A flood of books are shaming the Nehru-Gandhis and they present an unprecedented challenge to their authority in the Congress.
It has been raining books on the Congress party since Narendra Modi became the Prime Minister. The trend really began when Sanjaya Baru’s exposures about Manmohan Singh’s prime ministry sent shock waves through the 2014 general election campaign. It has all gotten worse since.
Natwar Singh and, more recently, Margaret Alva have written about their dreary times with the Congress. Their aim was to embarrass Sonia Gandhi and the 10 Janpath establishment, and they have handsomely succeeded. An authorized biography of P. V. Narasimha Rao has ripped apart the Nehru-Gandhis.
Then there are the revelations of the former Reserve Bank Governor, D. Subbarao, that show P. Chidambaram as he is: a Janus-faced self-seeker. His party and he would have lost further face with A. Raja’s book on the 2G scam but that’s been stopped in the press, according to the media, because of the Congress and the DMK’s political alliance.
How damaging are such works to a party and individual’s reputation?
Books are supplied with an authenticity which eludes the best media reporting, and media reporting of that kind is all but over today. Books last and give longevity to the subjects contained between their covers. This quality is more readily apparent in fiction than nonfiction but political nonfiction is not to be taken lightly.
In their own ways, therefore, what Natwar Singh or Margaret Alva have to say or what is spoken on behalf of Narasimha Rao will have long-term, political consequences. The brunt of this will be borne by the Congress party and the dynasty which has driven it to doom.
The question that naturally arises here is this: if the Congress party were not so doomed, would these tell-tale works have seen the light of day? There is no uniform answer. Alva would have held back and perhaps Natwar Singh though he could possibly derive no further material benefits from the Congress. These are opportunistic excursions by all means.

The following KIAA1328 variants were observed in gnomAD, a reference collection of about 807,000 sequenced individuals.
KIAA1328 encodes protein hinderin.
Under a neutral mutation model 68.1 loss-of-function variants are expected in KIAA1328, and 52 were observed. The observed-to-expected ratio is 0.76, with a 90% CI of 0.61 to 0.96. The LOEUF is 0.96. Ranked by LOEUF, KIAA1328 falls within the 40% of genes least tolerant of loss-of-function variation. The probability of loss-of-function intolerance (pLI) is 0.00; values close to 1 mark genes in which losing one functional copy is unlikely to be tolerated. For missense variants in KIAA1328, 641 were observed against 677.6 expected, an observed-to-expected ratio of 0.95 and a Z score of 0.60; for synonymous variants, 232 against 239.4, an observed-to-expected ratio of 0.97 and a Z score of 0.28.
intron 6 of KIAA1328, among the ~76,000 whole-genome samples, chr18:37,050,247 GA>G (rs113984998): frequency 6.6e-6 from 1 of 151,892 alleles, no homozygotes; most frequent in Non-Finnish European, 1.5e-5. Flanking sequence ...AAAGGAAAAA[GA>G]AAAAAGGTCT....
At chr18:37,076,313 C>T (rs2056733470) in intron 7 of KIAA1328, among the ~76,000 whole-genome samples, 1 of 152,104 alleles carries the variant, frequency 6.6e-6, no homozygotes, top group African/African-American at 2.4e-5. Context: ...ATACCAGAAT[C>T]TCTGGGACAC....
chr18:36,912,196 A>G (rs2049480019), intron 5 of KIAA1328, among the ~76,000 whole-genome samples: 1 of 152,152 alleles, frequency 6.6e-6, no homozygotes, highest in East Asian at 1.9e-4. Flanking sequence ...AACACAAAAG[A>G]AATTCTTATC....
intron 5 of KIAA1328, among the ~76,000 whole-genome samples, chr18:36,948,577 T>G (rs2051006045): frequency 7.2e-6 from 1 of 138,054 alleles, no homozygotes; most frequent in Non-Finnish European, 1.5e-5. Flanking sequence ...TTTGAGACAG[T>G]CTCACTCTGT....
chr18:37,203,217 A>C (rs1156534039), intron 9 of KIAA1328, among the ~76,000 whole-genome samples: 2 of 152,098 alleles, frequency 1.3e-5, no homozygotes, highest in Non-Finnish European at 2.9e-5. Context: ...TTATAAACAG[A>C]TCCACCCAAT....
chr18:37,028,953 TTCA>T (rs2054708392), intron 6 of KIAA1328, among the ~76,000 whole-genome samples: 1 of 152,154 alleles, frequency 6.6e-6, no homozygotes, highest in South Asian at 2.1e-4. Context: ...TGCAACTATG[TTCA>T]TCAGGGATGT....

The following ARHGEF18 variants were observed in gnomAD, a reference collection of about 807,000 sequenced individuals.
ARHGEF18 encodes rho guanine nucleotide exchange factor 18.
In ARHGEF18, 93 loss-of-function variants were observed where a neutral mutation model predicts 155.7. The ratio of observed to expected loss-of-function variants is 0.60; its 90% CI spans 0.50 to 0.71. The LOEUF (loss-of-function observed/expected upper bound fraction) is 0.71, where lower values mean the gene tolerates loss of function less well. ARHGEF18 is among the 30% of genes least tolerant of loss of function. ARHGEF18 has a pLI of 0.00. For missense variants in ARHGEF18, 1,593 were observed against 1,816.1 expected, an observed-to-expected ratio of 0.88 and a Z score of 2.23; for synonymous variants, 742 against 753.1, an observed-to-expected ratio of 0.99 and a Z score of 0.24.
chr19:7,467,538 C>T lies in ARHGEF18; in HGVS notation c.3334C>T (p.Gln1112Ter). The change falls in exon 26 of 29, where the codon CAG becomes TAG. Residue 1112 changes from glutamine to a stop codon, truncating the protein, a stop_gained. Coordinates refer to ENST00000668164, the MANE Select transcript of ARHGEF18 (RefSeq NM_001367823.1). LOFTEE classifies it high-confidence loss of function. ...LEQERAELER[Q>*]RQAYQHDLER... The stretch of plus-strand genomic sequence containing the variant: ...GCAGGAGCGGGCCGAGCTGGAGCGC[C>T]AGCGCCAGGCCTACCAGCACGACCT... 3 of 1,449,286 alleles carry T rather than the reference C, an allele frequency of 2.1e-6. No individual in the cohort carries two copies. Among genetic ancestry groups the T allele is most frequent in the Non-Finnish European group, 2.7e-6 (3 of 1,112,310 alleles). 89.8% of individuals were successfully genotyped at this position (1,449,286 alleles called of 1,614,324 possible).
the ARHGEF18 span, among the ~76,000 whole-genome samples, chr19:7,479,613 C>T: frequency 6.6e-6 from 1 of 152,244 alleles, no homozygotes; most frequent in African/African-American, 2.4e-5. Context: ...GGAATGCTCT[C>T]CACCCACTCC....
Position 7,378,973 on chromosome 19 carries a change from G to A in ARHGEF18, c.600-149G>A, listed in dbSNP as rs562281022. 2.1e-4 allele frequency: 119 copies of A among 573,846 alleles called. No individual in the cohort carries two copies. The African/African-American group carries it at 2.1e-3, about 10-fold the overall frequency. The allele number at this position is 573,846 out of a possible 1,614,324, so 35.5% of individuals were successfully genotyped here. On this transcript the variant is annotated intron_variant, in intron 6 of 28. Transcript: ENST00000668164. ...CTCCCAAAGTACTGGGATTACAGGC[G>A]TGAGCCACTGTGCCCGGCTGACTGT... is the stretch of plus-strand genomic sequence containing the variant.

That is about the intent. But however embarrassing they prove to certain parties, does that automatically erase their merit? Obviously not. This is where the destructive quality of certain works surface. Take, for example, the book on Narasimha Rao. He had no hand in writing it. But it will do lasting damage to the Congress party.
Here was one of India’s better Prime Ministers. He kept India together during the dark phase when the Soviet Union was unravelling and forces were active in Pakistan, Kashmir and Punjab to dismember this country. He single-handedly enabled the 1991 reforms. And what do we know from the new book on him, or rather, what is confirmed? That Sonia Gandhi and 10 Janpath vindictively ensured that he did not find his final resting place in Delhi.
The non-Congress opposition will ferociously exploit the issue in the next campaign season in the former Andhra Pradesh. The Congress will be hit in both the Andhra and Telangana regions for dishonouring an Andhra statesman.
The sense of hurt will not confine to the campaign or even the region. Every Congress functionary exposed to the insult to Narasimha Rao will be psychologically distanced from 10 Janpath. Congress leaders will interrogate themselves if devotion to the party is worth the cause. And when Margaret Alva and Natwar Singh join others in denouncing the Congress leadership of Sonia and Rahul Gandhi, you reckon the party has written its own epitaph.
You could have journalists in your payroll to write to disparage Alva and Co. But the damage is already done. Newspapers are only relevant till the morning after. Books last.
This writer suspects this is only the beginning. As the Congress party’s fortunes further sink, the memoirs will grow nastier against Sonia Gandhi and 10 Janpath. There is enormous anger against the Nehru-Gandhis in the Congress, and it simmers just below the surface. This anger is by no means a new development.
In Narasimha Rao’s own lifetime and, in surprisingly, Arjun Singh’s last years, the anger and disenchantment with the Nehru-Gandhis had reached epic proportions. The conventional narrative is that Narasimha Rao and Arjun Singh were sworn enemies after the Babri Masjid demolition. Not true. They had made up, and they saw 10 Janpath as their common enemy and the nemesis of the Congress.
This sentiment is more widespread today. Mated with the damaging books which are coming off the presses, they present an unprecedented challenge to the authority of the Nehru-Gandhis in the Congress. The Nehru-Gandhis have started to call the Congress one big family but they are the only ones in charge.
The pen may yet prove mightier in bringing this scabrous edifice down.
This piece was originally published on News In Sight and has been republished here with permission.
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